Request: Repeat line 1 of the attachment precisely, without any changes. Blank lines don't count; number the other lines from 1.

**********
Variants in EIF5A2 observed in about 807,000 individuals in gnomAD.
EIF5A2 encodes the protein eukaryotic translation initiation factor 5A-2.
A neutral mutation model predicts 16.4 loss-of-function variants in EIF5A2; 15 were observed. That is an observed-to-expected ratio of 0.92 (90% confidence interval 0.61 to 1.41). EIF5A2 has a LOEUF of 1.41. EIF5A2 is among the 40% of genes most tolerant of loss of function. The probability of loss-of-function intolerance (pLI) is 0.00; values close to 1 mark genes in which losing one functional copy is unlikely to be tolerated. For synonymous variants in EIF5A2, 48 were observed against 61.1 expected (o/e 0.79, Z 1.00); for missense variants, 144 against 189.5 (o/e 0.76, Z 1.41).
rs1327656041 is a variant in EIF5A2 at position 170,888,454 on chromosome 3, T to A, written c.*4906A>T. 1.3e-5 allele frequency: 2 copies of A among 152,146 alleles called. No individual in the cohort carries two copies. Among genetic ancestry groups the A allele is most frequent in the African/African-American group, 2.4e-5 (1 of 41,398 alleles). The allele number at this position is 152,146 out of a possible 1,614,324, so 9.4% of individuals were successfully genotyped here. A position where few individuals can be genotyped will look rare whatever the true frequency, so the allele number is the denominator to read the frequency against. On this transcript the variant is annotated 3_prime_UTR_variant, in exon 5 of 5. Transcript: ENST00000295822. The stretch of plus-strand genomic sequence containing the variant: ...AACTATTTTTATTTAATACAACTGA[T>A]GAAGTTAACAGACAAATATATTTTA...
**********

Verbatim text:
Variants in EIF5A2 observed in about 807,000 individuals in gnomAD.